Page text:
Calculate the index of ideality of correlation. This metric has been studied in QSPR/QSAR models as a good criterion for the predictive potential of these models. It is highly dependent on the correlation coefficient as well as the mean absolute error.

Note the application of IIC is useless under two conditions:

When the negative mean absolute error and positive mean absolute error are both zero.

When the outliers are symmetric. Since outliers are context dependent, please use your own checks to validate whether this restriction holds and whether the resulting IIC has interpretative value.

The IIC is seen as an alternative to the traditional correlation coefficient and is in the same units as the original data.

iic(data, ...) # S3 method for data.frame iic(data, truth, estimate, na_rm = TRUE, ...) iic_vec(truth, estimate, na_rm = TRUE, ...)

data | A |
---|---|

... | Not currently used. |

truth | The column identifier for the true results
(that is |

estimate | The column identifier for the predicted
results (that is also |

na_rm | A |

A `tibble`

with columns `.metric`

, `.estimator`

,
and `.estimate`

and 1 row of values.

For grouped data frames, the number of rows returned will be the same as the number of groups.

For `iic_vec()`

, a single `numeric`

value (or `NA`

).

Toropova, A. and Toropov, A. (2017). "The index of ideality
of correlation. A criterion of predictability of QSAR models for skin
permeability?" *Science of the Total Environment*. 586: 466-472.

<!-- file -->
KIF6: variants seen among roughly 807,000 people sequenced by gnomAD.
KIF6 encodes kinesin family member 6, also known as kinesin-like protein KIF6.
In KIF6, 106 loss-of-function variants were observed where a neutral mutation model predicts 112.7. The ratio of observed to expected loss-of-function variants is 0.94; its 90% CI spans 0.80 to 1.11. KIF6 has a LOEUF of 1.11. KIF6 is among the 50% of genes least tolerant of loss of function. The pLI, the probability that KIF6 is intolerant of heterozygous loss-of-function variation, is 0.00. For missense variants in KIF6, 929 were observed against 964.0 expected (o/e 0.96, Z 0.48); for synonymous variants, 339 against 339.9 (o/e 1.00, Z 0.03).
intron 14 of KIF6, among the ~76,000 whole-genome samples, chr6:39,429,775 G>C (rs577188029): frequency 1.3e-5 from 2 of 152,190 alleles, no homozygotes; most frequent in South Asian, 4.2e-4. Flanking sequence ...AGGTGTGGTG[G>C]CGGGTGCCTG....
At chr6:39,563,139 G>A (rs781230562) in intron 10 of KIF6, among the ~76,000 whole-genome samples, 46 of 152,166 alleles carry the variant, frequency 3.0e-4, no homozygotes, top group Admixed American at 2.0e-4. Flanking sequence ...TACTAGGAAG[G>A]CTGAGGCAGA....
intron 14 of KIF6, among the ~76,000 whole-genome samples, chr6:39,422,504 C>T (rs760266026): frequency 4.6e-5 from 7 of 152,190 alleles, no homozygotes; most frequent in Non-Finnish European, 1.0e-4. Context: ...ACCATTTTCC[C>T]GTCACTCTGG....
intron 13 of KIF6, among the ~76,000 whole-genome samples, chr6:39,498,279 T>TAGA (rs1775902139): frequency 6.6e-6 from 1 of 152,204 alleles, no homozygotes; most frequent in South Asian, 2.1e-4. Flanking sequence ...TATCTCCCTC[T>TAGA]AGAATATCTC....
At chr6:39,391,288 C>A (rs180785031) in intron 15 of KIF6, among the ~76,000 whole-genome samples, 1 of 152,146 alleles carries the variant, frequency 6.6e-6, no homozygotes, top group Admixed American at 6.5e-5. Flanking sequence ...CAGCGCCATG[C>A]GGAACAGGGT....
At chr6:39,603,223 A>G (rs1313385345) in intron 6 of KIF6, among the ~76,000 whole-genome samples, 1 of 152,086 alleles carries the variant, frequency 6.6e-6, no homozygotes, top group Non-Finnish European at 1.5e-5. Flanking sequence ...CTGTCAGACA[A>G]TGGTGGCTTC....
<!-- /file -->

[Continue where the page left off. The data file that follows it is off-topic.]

Other numeric metrics:
`ccc()`

,
`huber_loss_pseudo()`

,
`huber_loss()`

,
`mae()`

,
`mape()`

,
`mase()`

,
`rmse()`

,
`rpd()`

,
`rpiq()`

,
`rsq_trad()`

,
`rsq()`

,
`smape()`

Other accuracy metrics:
`ccc()`

,
`huber_loss_pseudo()`

,
`huber_loss()`

,
`mae()`

,
`mape()`

,
`mase()`

,
`rmse()`

,
`smape()`

# Supply truth and predictions as bare column names iic(solubility_test, solubility, prediction)#> # A tibble: 1 x 3 #> .metric .estimator .estimate #> <chr> <chr> <dbl> #> 1 iic standard 0.890library(dplyr) set.seed(1234) size <- 100 times <- 10 # create 10 resamples solubility_resampled <- bind_rows( replicate( n = times, expr = sample_n(solubility_test, size, replace = TRUE), simplify = FALSE ), .id = "resample" ) # Compute the metric by group metric_results <- solubility_resampled %>% group_by(resample) %>% iic(solubility, prediction) metric_results#> # A tibble: 10 x 4 #> resample .metric .estimator .estimate #> <chr> <chr> <chr> <dbl> #> 1 1 iic standard 0.730 #> 2 10 iic standard 0.731 #> 3 2 iic standard 0.906 #> 4 3 iic standard 0.877 #> 5 4 iic standard 0.732 #> 6 5 iic standard 0.821 #> 7 6 iic standard 0.896 #> 8 7 iic standard 0.867 #> 9 8 iic standard 0.881 #> 10 9 iic standard 0.748#> # A tibble: 1 x 1 #> avg_estimate #> <dbl> #> 1 0.819